1897 – Gertrude Blanch born in Russia, American mathematician, and pioneer in numerical analysis and computation; mathematical leader of the Mathematical Tables Project (MTP) from its inauguration, started during the Great Depression by the Works Progress Administration (WPA) in 1938, which kept 450 clerks working on tabulating higher mathematical functions (their results were later published in 28 volumes by Columbia University Press); MTP clerks also did calculations for a variety of war-related projects during WWII, and continued after the war, with a much smaller group, until 1948; in 1947, her career was temporarily hampered by FBI suspicions that she was secretly a communist. Their ‘evidence’ was tenuous at best, including comments on her never having married or had children. In a remarkable showdown, the diminutive fifty-year-old mathematician demanded, and won, a hearing which cleared her name; went on to work for the Institute for Numerical Analysis at UCLA and the Aerospace Research Laboratory at Wright-Patterson Air Force Base; a founder of the Association for Computing Machinery (ACM)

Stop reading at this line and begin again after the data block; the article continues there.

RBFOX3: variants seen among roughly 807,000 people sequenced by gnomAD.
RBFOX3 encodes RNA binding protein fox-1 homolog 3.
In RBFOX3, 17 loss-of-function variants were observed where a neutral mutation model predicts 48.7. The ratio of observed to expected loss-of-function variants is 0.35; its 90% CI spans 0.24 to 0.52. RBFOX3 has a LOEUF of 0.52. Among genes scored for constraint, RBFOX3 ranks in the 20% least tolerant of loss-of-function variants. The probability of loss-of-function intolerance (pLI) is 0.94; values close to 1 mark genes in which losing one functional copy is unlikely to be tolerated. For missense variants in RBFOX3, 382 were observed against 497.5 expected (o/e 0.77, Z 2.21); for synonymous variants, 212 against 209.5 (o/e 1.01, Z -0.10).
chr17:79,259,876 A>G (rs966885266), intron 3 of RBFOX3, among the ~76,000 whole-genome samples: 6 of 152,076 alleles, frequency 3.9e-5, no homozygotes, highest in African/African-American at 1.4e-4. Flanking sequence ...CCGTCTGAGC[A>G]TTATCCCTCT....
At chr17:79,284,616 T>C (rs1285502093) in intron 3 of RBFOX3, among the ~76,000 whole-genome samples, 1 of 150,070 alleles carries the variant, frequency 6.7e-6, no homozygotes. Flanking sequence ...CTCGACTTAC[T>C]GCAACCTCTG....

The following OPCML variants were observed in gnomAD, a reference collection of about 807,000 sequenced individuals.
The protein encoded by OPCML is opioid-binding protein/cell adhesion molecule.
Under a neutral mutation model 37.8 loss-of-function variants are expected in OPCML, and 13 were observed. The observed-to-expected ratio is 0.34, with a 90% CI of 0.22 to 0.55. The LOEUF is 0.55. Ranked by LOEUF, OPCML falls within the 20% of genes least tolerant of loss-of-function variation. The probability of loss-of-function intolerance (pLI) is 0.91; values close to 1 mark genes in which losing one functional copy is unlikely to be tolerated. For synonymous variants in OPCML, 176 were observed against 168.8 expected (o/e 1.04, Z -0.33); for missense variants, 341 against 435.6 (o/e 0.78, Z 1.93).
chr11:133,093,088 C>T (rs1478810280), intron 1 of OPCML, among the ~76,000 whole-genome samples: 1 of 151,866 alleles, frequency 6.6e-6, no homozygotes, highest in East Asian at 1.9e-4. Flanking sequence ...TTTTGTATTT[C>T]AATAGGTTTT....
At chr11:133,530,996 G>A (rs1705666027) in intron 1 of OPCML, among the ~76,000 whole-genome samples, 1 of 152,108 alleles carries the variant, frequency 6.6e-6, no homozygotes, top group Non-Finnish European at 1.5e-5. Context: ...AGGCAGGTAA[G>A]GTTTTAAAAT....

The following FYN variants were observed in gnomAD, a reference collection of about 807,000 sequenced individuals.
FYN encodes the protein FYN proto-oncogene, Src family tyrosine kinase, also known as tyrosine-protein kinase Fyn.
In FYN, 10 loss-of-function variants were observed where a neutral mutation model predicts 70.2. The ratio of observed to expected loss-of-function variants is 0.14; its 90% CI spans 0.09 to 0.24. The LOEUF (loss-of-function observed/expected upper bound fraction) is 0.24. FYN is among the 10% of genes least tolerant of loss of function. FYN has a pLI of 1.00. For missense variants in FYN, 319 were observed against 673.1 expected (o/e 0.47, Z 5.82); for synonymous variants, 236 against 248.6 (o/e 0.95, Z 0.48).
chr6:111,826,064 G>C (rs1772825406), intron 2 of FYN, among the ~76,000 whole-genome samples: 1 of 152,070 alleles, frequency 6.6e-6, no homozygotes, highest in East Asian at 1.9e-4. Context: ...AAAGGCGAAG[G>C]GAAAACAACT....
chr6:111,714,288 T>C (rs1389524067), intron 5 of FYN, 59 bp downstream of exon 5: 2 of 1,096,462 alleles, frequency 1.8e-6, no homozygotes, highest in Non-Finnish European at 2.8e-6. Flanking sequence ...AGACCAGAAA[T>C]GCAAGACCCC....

1897 – Howard D. Johnson is born, founder of Howard Johnson’s; and Alfred L. Cralle patents an ice cream scooper

1900 – Elena Sánchez Valenzuela born, one of Mexico’s first silent film stars, who also directed a documentary for the Mexican government, and campaigned successfully for the Filmoteca Nacional (Mexican National Film Library), founded in 1942 to collect and preserve the work of Mexican filmmakers; also an ardent feminist and suffragist, who participated in the 1947 Primer Congreso Interamericano de Mujeres (First Inter-American Congress of Women), called together by the Women’s International League for Peace and Freedom (WILPF)